Gender analysis, the examination of gender power relations in a society and the norms, expectations and roles for different genders, is receiving more attention in the public health sector, but is often considered an afterthought within the research process. Instead of being an add-on, gender analysis in health systems research should be an integral component at every phase. Health systems are not gender neutral; if the goal is to create equitable and sustainable health solutions and health promotion interventions, then gender (and how gender interacts with other social stratifiers) needs to be considered when designing effective solutions.
Applying a gender lens means examining the role of gender within the different building blocks of health systems and how we can most effectively shape health systems policies, programs and services to benefit everyone. This includes studying how gender power relations play out within a health system and ensuring that we do not perpetuate different gender inequities in our research.
Dr. Rosemary Morgan, assistant scientist in the Health Systems Program of the Department of International Health, brings her experience working on the project, “Research in Gender and Ethics (RinGs): Building Stronger Health Systems” to the Program. The project, funded by the UK Department for International Development (DFID), seeks to galvanize gender analysis within health systems research by providing resources for and building the capacity of health systems research to conduct gender analysis. In addition, Dr. Morgan has been working with students within the Johns Hopkins Bloomberg School of Public Health (JHSPH) to explore the role of gender within different areas of the health system.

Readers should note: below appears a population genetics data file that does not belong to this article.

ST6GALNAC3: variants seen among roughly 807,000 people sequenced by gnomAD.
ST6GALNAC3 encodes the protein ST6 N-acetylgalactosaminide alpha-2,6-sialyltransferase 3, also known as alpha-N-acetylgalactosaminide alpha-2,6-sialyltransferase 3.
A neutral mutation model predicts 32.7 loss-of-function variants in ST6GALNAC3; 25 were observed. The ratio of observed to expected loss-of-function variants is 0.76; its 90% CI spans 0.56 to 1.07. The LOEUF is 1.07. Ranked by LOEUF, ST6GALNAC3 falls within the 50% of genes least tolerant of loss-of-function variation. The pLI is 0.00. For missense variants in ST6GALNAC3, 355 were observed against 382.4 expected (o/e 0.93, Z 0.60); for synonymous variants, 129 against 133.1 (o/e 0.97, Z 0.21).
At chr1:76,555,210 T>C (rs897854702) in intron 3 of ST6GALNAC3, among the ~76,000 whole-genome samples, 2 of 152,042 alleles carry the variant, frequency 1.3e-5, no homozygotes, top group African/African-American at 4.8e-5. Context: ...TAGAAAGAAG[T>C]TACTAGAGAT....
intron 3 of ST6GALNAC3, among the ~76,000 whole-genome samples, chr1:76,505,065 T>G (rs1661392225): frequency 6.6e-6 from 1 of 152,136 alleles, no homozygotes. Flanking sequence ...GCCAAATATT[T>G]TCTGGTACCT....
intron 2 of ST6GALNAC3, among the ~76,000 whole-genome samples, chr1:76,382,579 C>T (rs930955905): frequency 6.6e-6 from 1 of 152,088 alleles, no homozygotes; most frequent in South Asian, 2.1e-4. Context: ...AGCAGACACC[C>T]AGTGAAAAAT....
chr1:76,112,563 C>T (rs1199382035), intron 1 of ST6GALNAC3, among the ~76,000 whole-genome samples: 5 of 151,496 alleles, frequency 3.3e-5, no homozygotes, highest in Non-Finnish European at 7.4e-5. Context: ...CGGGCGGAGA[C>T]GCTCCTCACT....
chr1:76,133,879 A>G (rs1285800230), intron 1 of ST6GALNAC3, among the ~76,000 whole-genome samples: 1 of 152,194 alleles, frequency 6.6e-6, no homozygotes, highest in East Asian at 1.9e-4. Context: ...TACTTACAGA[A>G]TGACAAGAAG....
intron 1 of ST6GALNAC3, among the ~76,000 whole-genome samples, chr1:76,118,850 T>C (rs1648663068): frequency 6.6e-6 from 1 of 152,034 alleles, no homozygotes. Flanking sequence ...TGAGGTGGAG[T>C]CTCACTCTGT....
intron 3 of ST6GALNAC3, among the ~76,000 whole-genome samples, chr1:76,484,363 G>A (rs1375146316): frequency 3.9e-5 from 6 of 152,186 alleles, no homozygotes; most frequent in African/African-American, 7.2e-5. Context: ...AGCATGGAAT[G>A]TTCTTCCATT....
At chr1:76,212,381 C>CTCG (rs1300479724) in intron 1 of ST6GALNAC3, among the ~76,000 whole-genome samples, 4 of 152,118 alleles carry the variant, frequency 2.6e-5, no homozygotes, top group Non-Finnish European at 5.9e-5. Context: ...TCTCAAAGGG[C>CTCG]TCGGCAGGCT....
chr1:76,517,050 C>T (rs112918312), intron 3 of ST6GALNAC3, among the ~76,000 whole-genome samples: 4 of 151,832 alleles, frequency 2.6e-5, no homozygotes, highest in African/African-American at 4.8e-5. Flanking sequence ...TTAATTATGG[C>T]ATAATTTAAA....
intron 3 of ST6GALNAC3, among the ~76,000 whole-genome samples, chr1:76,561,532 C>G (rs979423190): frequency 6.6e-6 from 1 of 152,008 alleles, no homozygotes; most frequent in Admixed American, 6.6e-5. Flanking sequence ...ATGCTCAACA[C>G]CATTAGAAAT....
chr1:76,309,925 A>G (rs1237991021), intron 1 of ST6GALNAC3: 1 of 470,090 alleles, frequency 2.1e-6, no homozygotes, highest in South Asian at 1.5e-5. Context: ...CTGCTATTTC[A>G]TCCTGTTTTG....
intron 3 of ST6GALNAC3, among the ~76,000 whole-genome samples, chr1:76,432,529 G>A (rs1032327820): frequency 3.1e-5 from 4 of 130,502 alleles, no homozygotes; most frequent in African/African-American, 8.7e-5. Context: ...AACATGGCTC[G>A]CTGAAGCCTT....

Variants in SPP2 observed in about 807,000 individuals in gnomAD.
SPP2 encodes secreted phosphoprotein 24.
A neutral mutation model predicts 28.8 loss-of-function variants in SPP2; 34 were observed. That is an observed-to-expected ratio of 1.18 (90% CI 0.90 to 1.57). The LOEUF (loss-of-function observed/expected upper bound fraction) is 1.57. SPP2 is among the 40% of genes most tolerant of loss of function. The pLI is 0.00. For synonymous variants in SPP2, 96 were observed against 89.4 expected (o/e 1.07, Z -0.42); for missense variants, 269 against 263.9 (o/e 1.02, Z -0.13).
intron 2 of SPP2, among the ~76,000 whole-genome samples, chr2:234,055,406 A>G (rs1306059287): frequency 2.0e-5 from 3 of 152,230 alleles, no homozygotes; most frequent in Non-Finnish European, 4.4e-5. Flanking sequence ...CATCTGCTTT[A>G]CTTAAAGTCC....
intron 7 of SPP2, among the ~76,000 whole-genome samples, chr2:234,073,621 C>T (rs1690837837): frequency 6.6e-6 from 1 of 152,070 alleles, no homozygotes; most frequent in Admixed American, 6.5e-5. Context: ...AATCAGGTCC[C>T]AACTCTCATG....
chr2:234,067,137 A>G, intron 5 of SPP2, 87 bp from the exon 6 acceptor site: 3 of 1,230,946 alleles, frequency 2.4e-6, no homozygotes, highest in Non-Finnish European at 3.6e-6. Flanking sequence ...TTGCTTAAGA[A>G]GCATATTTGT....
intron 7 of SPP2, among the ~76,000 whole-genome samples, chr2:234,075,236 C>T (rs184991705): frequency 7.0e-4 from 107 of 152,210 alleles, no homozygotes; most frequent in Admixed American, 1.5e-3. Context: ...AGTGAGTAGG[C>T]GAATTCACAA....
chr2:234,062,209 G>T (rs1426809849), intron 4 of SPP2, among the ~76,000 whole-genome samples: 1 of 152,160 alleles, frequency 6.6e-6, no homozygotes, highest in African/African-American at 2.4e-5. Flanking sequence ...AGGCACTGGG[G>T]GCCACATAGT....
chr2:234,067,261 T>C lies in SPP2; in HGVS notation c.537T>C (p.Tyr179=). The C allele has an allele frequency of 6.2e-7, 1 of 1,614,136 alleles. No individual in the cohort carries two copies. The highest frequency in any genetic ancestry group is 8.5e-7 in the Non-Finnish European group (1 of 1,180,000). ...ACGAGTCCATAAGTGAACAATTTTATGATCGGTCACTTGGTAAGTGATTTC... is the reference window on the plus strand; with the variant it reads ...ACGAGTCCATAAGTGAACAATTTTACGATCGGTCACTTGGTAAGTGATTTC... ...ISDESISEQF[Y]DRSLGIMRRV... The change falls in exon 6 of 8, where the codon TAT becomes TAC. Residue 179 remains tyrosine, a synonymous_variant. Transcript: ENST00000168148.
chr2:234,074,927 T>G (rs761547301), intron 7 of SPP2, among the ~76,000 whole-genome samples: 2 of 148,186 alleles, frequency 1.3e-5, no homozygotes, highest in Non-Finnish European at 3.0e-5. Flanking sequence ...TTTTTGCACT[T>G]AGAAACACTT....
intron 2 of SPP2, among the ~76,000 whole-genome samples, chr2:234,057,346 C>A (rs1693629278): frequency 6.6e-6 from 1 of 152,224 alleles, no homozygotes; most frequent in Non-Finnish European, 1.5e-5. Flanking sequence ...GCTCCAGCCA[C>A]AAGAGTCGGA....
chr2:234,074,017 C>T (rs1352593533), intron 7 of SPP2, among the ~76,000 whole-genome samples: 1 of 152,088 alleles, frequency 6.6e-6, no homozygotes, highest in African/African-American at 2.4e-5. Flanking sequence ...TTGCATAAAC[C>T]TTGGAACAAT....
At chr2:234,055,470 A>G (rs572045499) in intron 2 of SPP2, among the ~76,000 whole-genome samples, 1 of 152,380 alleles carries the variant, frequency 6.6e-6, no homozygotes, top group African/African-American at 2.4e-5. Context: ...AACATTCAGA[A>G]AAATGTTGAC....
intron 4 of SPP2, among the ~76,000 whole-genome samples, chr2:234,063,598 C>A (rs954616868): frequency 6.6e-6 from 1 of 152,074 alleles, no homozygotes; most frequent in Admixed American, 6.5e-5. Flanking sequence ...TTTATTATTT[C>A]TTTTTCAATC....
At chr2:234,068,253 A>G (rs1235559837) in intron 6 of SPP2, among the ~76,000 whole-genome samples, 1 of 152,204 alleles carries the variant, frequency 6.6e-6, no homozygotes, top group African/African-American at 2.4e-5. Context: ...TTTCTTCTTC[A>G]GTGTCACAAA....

Dr. Morgan advised Poonam Daryani, a recent graduate of the MPH program at JHSPH, to conduct an intersectional gender analysis of the Zika response in Brazil. Through her analysis, Poonam explored how the distribution of power based on gender interacted with other social stratifiers, such as race and class, to create different vulnerabilities to Zika infection during the epidemic.
Findings showed that the national response, with its focus on household-level vector control efforts, did not consider the complex sociocultural and economic barriers facing women in Brazil. Failure to account for differential power relations and the resulting gender inequities in Brazil may have limited the effectiveness of the national response in curbing transmission of the virus. Moreover, the inadequacies of the national response were felt largest by poor black and brown Brazilian women, who are largely concentrated in the peripheries of urban centers as well as the North and Northeast regions of the country and who experience disproportionate and compounding barriers to achieving positive health outcomes.
The gender analysis inspired Poonam to pursue the highly competitive Johns Hopkins-Pulitzer Center Fellowship for Global Health Reporting, through which Poonam traveled to the northeast of Brazil to explore the long-term consequences of Zika on those who care for and raise children with congenital Zika syndrome.
Health responses can be strengthened with a greater awareness of gender relations in a given society’s health system. Ideal responses examine and question gender inequities in order to achieve health goals and advance gender justice. It is necessary to apply a gender lens to all health issues so that we can build policies, structures and procedures at an institutional level that create a healthy society for everyone.